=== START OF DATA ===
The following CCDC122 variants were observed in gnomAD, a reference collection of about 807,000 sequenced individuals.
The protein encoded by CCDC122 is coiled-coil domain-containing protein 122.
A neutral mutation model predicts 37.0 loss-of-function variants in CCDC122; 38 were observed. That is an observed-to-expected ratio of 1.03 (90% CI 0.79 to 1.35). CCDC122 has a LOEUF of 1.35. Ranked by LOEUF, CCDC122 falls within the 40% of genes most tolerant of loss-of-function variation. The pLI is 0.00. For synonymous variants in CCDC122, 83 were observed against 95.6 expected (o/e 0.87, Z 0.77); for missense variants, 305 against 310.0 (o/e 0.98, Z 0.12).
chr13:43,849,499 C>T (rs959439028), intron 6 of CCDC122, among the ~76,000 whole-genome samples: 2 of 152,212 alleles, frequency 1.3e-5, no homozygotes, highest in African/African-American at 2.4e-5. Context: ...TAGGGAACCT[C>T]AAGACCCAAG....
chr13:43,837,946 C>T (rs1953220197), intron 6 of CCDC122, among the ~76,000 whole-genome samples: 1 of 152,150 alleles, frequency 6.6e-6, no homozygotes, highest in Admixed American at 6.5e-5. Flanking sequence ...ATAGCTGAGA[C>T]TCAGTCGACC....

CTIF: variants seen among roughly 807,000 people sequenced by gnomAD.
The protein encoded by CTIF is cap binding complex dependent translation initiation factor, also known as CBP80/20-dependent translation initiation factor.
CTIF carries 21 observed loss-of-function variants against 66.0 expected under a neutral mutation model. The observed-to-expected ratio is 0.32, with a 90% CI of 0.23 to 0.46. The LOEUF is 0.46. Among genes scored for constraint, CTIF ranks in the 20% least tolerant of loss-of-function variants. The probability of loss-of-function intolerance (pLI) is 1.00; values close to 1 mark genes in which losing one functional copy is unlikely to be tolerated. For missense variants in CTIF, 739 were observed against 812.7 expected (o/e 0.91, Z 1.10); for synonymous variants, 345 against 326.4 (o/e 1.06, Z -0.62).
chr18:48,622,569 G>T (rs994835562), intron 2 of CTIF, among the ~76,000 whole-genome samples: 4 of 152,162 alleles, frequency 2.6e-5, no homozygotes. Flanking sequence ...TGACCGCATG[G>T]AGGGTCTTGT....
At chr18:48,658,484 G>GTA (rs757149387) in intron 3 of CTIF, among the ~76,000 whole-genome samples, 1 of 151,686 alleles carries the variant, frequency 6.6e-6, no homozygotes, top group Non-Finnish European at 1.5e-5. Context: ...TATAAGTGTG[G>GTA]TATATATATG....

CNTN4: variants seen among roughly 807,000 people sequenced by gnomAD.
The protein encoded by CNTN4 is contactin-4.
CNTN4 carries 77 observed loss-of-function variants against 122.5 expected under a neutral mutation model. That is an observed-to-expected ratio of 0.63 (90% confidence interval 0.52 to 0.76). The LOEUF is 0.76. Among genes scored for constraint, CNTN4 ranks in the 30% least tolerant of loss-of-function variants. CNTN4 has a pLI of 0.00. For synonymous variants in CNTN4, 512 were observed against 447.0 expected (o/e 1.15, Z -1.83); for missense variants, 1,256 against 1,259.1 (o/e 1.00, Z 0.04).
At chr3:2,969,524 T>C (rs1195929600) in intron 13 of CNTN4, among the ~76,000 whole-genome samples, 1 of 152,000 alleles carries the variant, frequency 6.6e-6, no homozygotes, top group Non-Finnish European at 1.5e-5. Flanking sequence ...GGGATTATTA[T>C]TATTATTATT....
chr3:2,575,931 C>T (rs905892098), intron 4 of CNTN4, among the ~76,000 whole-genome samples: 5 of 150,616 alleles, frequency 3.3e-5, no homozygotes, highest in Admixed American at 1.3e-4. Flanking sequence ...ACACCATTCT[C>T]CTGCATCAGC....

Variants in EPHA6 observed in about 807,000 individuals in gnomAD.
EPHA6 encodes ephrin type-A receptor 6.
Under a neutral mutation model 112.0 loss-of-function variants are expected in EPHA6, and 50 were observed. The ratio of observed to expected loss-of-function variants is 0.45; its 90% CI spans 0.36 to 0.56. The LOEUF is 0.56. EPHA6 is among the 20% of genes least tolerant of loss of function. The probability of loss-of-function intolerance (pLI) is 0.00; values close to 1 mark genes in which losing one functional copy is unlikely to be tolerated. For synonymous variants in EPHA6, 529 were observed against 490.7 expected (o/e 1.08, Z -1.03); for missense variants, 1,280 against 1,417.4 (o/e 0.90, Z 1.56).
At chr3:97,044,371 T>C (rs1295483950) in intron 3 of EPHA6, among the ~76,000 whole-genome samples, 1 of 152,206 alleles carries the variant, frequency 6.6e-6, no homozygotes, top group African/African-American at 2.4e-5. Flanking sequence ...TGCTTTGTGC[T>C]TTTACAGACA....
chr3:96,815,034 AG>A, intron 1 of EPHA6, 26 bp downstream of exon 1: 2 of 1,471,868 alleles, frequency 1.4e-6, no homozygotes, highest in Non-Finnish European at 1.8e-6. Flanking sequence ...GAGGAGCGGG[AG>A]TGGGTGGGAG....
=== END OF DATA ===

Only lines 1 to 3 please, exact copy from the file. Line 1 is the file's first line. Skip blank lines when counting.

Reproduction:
The following CCDC122 variants were observed in gnomAD, a reference collection of about 807,000 sequenced individuals.
The protein encoded by CCDC122 is coiled-coil domain-containing protein 122.
A neutral mutation model predicts 37.0 loss-of-function variants in CCDC122; 38 were observed. That is an observed-to-expected ratio of 1.03 (90% CI 0.79 to 1.35). CCDC122 has a LOEUF of 1.35. Ranked by LOEUF, CCDC122 falls within the 40% of genes most tolerant of loss-of-function variation. The pLI is 0.00. For synonymous variants in CCDC122, 83 were observed against 95.6 expected (o/e 0.87, Z 0.77); for missense variants, 305 against 310.0 (o/e 0.98, Z 0.12).